Summer in the city
Posted by keithosaunders on July 17, 2011
Another great week spent in New York. What a town! I can’t believe I lived here for so many years.
I had three gigs this week, and when I wasn’t gigging I was hanging out in the city, mostly at my favorite club, Small’s. I’ve got long hair and a goatee now and everyone says that I look like a Californian. Of course this belies the fact that I often had this look during my New York years. Back then it would have bothered me to have been mistaken for a Californian, as if there was an inherent put-down in such a comment. These days I don’t care; in fact, I’m amused by it. Listen, there’s no denying it any longer..I am a Californian.
Musicians have been very welcoming to me since my return. They seem genuinely happy to see me and curious about what my life in the Bay Area is like. For my part, it feels great to be able to feel at home on both coasts. Something that never occurred to me in all of my New York years, was that it is possible to actually like both places. The inclination is to belittle the opposite coast. I’m guilty of it — there are jokes to be mined, for crying out loud! But at this point, from where I stand, it’s a waste of energy.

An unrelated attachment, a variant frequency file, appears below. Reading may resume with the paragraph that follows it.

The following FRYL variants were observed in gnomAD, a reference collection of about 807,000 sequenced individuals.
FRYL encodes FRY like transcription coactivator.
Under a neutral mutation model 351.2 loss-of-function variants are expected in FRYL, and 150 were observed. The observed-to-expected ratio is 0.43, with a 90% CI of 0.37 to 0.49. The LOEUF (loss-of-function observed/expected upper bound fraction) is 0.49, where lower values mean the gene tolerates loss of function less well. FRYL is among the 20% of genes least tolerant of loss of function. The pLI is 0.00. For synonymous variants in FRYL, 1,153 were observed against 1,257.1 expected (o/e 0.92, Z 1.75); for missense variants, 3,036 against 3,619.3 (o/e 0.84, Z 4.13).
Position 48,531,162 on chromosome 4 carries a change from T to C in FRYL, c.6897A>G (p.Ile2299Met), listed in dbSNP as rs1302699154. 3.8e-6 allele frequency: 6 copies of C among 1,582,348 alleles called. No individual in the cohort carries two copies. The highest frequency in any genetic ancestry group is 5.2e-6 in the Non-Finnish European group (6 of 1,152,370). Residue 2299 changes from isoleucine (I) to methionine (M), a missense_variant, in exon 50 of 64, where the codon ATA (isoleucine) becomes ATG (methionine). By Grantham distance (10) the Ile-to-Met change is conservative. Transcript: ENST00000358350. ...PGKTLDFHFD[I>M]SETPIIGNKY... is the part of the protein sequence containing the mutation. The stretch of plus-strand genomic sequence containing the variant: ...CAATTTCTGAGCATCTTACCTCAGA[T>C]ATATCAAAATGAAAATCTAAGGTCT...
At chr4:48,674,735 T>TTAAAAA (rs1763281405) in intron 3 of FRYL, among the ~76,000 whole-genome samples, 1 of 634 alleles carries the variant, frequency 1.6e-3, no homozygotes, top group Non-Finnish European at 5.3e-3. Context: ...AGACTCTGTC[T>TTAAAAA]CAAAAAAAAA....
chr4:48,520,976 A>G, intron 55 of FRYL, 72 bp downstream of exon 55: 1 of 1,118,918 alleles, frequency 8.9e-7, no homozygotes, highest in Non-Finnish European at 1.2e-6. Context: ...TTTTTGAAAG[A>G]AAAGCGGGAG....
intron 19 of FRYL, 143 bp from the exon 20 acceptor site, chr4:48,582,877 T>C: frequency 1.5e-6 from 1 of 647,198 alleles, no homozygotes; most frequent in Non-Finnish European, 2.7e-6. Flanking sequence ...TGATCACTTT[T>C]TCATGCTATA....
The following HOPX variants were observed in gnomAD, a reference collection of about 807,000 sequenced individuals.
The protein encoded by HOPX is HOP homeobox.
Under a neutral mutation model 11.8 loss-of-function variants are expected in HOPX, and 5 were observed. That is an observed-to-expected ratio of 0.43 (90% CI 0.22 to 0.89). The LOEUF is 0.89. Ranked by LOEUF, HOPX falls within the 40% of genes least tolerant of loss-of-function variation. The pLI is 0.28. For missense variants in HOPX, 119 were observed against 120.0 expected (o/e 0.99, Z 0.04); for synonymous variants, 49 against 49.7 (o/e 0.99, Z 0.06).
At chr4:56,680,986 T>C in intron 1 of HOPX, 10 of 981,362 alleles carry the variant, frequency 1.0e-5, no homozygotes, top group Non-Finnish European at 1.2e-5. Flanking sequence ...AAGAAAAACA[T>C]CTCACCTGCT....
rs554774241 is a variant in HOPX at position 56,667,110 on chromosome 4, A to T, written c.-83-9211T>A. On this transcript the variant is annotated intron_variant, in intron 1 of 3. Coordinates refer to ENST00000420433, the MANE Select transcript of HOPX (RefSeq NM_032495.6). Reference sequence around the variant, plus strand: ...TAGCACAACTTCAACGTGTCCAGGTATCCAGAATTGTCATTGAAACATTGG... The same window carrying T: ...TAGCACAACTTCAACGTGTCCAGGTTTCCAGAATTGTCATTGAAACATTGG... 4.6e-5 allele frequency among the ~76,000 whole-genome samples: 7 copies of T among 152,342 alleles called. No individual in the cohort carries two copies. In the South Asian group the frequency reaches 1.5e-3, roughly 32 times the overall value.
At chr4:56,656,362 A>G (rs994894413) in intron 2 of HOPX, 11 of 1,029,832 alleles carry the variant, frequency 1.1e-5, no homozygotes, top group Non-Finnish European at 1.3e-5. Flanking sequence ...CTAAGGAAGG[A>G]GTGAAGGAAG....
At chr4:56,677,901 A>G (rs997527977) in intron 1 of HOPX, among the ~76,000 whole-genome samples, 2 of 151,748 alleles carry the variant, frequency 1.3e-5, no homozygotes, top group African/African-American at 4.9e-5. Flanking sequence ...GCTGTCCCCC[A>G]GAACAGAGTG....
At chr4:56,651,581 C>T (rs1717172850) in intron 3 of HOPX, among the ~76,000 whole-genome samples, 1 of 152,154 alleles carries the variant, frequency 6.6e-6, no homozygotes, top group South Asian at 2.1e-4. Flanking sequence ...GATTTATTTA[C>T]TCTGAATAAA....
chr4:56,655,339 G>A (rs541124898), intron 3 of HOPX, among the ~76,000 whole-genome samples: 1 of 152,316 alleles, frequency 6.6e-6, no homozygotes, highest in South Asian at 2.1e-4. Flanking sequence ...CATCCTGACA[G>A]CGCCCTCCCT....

A highpoint of my stay has been sitting in for one tune at the late night jam session at Small’s in the Village. I was hanging out at the bar during the regular gig. After the band finished I was getting ready to head to the subway to go back to the Bronx when I noticed that there was no piano player to start the session. I figured, what the heck, I’ll play a tune. A sax player began the first few notes of Oleo by himself, and boom, we were off.
There is something about the energy of New York musicians that is at a different level than all others. I lived here for 26 years, and after a while you can’t help taking it for granted. But being away from it for a year and jumping back into the pool is an amazing experience the momentum is both startling and infectious.
I didn’t know any of the musicians — they were all young guys — but it felt great to be in there with them, holding my own, and enjoying the energy. The best part, for me, was the realization that even though I no longer live in new York, I haven’t lost that energy — that fire.
I played one tune, and ceded the piano bench to a young woman sitting in the front row who was patiently waiting her turn. I went home on the subway, which slogged its way up the 2 train tracks, and arrived in the Bronx an hour and a half later, none the worse for wear.